Bert Brilliant writes a column for The Daily Planet. Norman Naive is one of the young up-and-comers who sits a few desks away. Every few days, they go have Chinese food and good Dutch beer and figure ways to make the world a perfect place.
"You started working on that Barry piece yet, Norman?"
"(Munch, munch) Yup."
"You talked to any of Hizzoner's enemies yet?"
"(Gulp, swallow) I dare you to find me some."
"You know, Norman, for a simpering, whimpering, wet-behind-the-ears youngster, you are sometimes pretty smart. You just wrote your whole piece right there. In one sentence."
"Real good, Bert. More wonderful career guidance from The Great Mahatma himself. I can see it now. The desk asks me, 'What do you need for that Barry piece, Norman? Eighteen inches? Twenty?' And I say, 'No, all I need is one sentence. Bert Brilliant told me so.' We'd both be parking cars at the PMI the next morning."
"Relax, Sonny. All I was trying to do was to pay you a compliment. I think you're absolutely right that Marion Barry has no enemies. He has people who are jealous of him. He has people who are contemptuous of him. But enemies? Not the way Harold Washington or Ed Koch have them."
"And the funny thing is that he probably should. That housing scandal he had -- on Bates Street, wasn't it? -- that was a bad one. All that trouble his advisers are getting into -- that doesn't win you any friends. And the actual day-to-day running of the city still leaves a lot of room for improvement. It can still take you a whole day to get a set of license plates down at that place on C Street. And Marion Barry promised it wouldn't. He said he'd fix that."
"An even better example is the way he has bent over backwards to be nice to President Reagan. Remember, this is a mayor whose constituents have no power of the purse. They have no congressional representation. They have unemployment and truancy and drug addiction rates that extra federal money would go a long way toward helping. But the president has done almost nothing to help the city. And not only hasn't Marion Barry asked for much help, he hasn't complained very loudly when he hasn't gotten it. You would think this silence would make somebody angry."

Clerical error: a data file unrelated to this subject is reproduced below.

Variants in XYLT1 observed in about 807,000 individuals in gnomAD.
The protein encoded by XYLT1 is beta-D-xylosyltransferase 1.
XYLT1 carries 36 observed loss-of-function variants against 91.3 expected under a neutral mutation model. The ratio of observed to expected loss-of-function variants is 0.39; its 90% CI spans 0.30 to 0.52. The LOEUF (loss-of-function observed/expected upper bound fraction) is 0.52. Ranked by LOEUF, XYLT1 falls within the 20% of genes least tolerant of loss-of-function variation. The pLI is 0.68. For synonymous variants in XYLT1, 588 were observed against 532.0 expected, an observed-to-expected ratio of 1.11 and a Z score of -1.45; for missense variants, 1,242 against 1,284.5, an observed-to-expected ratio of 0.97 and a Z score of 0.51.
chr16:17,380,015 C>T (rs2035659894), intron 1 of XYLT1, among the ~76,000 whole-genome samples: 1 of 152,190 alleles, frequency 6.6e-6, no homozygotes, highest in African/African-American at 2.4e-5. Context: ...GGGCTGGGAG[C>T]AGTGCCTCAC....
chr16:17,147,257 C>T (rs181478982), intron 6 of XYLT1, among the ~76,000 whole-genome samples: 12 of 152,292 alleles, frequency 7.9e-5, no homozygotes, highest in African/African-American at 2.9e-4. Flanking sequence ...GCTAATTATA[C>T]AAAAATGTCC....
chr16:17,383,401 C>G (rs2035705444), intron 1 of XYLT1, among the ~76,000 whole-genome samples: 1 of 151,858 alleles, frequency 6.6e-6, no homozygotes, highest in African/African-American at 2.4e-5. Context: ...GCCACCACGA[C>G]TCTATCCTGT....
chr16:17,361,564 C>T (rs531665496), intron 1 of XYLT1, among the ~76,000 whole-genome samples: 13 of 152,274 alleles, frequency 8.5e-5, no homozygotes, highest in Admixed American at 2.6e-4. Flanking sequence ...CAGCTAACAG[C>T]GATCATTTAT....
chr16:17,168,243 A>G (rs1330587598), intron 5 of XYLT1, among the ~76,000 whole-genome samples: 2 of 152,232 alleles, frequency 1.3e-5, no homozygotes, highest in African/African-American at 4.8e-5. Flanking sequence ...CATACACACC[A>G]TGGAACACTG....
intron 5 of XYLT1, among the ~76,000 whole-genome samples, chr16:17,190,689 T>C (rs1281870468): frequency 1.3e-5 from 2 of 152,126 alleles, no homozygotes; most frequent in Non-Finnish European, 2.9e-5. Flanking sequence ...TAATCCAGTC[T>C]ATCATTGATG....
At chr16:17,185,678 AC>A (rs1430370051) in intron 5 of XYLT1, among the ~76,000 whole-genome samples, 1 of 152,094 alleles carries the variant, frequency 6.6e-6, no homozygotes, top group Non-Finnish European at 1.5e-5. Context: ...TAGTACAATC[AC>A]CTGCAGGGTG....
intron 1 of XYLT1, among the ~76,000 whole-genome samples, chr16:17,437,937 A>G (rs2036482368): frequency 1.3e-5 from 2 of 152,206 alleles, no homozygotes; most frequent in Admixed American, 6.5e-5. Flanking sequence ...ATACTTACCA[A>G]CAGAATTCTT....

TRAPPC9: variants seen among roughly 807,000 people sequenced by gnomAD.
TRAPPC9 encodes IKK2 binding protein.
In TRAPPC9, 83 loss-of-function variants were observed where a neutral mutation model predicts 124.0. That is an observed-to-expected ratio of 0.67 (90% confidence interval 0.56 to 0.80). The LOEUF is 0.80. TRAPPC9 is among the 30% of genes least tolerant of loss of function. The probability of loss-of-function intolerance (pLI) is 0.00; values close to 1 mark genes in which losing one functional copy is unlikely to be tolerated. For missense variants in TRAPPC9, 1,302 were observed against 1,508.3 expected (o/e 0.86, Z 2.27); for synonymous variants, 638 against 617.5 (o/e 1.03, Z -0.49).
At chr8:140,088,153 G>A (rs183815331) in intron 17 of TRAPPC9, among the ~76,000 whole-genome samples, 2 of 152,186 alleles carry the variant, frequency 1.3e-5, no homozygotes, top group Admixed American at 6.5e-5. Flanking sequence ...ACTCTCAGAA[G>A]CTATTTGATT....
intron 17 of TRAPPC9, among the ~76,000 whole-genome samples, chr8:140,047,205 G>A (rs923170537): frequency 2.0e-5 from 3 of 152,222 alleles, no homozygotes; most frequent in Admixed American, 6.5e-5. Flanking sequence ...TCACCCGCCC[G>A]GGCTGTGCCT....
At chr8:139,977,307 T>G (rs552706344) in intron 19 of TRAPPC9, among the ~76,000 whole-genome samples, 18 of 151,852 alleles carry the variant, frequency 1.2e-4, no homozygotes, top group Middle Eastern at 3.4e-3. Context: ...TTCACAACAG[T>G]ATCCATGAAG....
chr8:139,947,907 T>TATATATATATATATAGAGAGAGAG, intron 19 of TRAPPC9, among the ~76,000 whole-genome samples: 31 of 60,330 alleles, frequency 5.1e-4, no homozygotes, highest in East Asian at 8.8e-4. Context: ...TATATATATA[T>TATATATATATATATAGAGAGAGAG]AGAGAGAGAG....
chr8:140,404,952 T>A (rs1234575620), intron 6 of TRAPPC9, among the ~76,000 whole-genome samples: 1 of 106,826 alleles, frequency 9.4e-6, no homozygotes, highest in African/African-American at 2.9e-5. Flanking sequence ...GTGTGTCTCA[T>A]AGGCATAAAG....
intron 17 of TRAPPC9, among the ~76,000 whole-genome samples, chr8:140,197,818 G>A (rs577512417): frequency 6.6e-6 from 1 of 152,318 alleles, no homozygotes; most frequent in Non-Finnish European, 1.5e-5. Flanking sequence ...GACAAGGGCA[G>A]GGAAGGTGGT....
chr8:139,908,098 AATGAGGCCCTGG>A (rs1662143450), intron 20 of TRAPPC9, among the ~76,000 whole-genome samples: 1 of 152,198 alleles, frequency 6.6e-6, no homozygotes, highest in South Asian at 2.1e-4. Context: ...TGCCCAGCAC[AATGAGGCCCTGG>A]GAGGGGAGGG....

"I think it's partly the era we live in, Bert. If a guy looks good on TV -- and Barry looks very good on TV -- people tend to get lulled to sleep. They think Barry must be doing as good a job as anybody could do. If he isn't, if he's not managing things too crisply or not telling the president where to get off, well, people are too tired or discouraged to care very much. Reagan benefits from the same thing, incidentally. Go ask a college student who's in danger of losing his student loan, thanks to the Reagan budget. He'll say, 'Well, I realize the president is going to make it impossible for me to go to college. But when I see him on TV, he still makes me feel proud to be an American.' Amazing, I know -- but it's all over the place."
"Norman, don't you think Marion Barry could be in trouble come election time next year? I mean, he has never won anything close to a landslide victory. And now he has alienated a lot of the people who used to be his supporters -- the West-of-the-Park whites, the BMW blacks, some of the gays. How can you win reelection if people are losing faith in you?"
"But who have they transferred their faith to, Bert? Do you see anybody out there who could give Marion Barry a serious run for the roses? I don't."
"Somebody might surface. Somebody on the City Council, maybe."
"Waiter, will you please take this soy sauce away? My friend here has been sniffing it, I'm afraid. The City Council, Bert? The D.C. City Council? Maybe in Philly or San Francisco somebody on the city council would have the reputation and the clout. But the D.C. City Council is a little short on commanding figures, I'd say. If you'd been elected by 8 percent of the registered voters in your ward, you wouldn't be too commanding, either."
"But haven't we gone beyond the point of electing a guy -- or reelecting him -- just because nobody's worse? We've had some form of home rule here for more than 20 years, Norman. Are we still seeing things in terms of apathy and a lack of political sophistication?"
"It looks that way to me, old man. It looks to me the way it must have looked at the very beginning of home rule -- a city without much of a handle on what to do about its problems and without the tradition of a two-fisted, hard-fighting mayor that other cities have always had. We're still the kind of city that takes a look at Marion Barry and says, 'Well, at least he's a known quantity. At least he won't be an embarrassment.' I tell you, it looks to me as if Barry is going to ride that all the way to another term."
Just then, the fortune cookies arrived.
"Next Thursday?" asked Bert.
"Next Thursday," said Norman.
And they shuffled back to the office.